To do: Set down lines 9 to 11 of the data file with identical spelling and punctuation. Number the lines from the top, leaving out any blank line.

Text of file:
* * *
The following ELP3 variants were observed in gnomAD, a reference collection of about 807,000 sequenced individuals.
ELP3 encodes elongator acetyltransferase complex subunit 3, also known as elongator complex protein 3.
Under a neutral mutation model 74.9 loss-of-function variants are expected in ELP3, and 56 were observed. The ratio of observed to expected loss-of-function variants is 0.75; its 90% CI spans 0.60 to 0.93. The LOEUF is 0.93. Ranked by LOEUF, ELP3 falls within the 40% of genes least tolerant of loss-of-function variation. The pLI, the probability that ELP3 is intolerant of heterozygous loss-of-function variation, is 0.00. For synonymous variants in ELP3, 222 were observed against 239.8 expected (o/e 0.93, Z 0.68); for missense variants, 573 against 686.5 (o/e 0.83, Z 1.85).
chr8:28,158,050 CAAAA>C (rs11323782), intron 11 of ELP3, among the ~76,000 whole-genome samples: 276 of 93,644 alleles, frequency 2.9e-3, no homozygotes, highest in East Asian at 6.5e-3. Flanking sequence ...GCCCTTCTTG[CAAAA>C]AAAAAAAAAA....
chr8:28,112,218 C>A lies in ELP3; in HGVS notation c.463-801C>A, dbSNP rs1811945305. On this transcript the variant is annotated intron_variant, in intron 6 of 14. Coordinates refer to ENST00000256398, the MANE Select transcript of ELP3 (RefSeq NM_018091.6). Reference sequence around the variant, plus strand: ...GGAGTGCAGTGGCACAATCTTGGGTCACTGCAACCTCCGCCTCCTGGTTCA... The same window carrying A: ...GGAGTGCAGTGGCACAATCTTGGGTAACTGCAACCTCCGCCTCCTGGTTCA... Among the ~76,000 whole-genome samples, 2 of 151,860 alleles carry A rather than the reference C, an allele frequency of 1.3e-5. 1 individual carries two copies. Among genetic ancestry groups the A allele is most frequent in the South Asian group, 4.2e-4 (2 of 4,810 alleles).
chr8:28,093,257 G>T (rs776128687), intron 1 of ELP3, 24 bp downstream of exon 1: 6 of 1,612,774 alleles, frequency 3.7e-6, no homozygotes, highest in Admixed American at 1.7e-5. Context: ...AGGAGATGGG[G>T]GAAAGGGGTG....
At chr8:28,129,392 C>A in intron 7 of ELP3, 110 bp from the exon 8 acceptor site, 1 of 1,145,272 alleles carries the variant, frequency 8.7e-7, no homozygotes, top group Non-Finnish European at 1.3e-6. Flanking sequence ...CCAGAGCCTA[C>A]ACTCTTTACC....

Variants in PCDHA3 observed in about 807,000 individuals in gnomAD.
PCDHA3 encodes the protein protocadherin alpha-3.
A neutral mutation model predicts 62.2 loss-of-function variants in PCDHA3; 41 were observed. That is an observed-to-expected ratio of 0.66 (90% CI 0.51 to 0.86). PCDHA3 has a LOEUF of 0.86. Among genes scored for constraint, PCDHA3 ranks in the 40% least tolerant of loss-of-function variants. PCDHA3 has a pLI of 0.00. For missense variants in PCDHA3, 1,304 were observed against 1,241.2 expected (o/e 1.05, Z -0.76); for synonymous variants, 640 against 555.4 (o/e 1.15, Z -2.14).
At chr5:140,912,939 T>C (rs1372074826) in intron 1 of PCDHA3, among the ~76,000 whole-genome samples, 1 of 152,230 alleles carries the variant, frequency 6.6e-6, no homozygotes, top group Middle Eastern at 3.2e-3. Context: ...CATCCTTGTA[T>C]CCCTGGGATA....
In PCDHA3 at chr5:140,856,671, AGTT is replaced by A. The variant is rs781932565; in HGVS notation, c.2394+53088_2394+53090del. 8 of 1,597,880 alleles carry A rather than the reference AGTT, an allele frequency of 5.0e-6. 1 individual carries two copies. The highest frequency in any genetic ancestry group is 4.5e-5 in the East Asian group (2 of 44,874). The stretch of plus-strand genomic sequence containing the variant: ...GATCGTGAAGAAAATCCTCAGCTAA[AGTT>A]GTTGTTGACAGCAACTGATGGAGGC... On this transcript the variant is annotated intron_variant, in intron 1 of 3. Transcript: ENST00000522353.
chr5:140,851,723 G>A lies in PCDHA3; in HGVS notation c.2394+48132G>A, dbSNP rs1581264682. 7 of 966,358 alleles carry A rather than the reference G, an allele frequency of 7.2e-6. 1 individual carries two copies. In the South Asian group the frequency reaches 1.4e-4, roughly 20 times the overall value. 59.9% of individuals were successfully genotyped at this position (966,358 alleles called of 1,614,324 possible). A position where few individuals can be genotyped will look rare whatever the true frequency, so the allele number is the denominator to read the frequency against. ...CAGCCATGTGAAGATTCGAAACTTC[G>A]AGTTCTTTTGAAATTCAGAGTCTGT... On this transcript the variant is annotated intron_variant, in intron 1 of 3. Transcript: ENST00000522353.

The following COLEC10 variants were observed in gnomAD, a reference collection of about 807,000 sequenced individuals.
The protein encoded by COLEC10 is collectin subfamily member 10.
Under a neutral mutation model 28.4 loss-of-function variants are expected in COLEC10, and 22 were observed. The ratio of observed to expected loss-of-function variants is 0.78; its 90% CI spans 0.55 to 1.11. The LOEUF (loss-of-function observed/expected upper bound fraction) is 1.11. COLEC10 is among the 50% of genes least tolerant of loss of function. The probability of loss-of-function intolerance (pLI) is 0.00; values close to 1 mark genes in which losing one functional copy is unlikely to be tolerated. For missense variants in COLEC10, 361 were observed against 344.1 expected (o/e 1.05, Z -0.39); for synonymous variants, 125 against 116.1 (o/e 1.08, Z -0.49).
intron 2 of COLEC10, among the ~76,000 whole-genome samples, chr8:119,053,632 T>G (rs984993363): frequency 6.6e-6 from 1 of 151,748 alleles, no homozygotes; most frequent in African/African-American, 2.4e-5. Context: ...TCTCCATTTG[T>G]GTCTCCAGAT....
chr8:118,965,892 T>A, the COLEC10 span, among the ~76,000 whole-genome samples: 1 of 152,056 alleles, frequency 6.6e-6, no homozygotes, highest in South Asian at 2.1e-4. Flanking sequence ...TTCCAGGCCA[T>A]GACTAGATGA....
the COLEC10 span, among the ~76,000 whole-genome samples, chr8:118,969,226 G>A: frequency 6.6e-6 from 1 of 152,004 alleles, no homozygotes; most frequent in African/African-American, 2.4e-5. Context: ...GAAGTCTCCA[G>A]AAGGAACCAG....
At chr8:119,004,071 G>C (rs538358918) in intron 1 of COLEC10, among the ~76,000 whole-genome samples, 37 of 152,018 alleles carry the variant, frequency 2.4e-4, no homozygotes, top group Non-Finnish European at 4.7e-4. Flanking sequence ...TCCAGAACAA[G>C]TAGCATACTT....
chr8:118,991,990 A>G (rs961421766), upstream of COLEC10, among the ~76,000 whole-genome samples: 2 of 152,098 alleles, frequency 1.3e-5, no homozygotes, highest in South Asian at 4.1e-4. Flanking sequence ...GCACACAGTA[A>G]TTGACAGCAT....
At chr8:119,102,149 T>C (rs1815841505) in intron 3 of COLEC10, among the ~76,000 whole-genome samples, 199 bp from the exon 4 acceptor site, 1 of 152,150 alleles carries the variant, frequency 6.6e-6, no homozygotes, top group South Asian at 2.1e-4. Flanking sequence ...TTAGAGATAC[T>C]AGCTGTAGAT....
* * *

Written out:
PCDHA3 encodes the protein protocadherin alpha-3.
A neutral mutation model predicts 62.2 loss-of-function variants in PCDHA3; 41 were observed. That is an observed-to-expected ratio of 0.66 (90% CI 0.51 to 0.86). PCDHA3 has a LOEUF of 0.86. Among genes scored for constraint, PCDHA3 ranks in the 40% least tolerant of loss-of-function variants. PCDHA3 has a pLI of 0.00. For missense variants in PCDHA3, 1,304 were observed against 1,241.2 expected (o/e 1.05, Z -0.76); for synonymous variants, 640 against 555.4 (o/e 1.15, Z -2.14).
At chr5:140,912,939 T>C (rs1372074826) in intron 1 of PCDHA3, among the ~76,000 whole-genome samples, 1 of 152,230 alleles carries the variant, frequency 6.6e-6, no homozygotes, top group Middle Eastern at 3.2e-3. Context: ...CATCCTTGTA[T>C]CCCTGGGATA....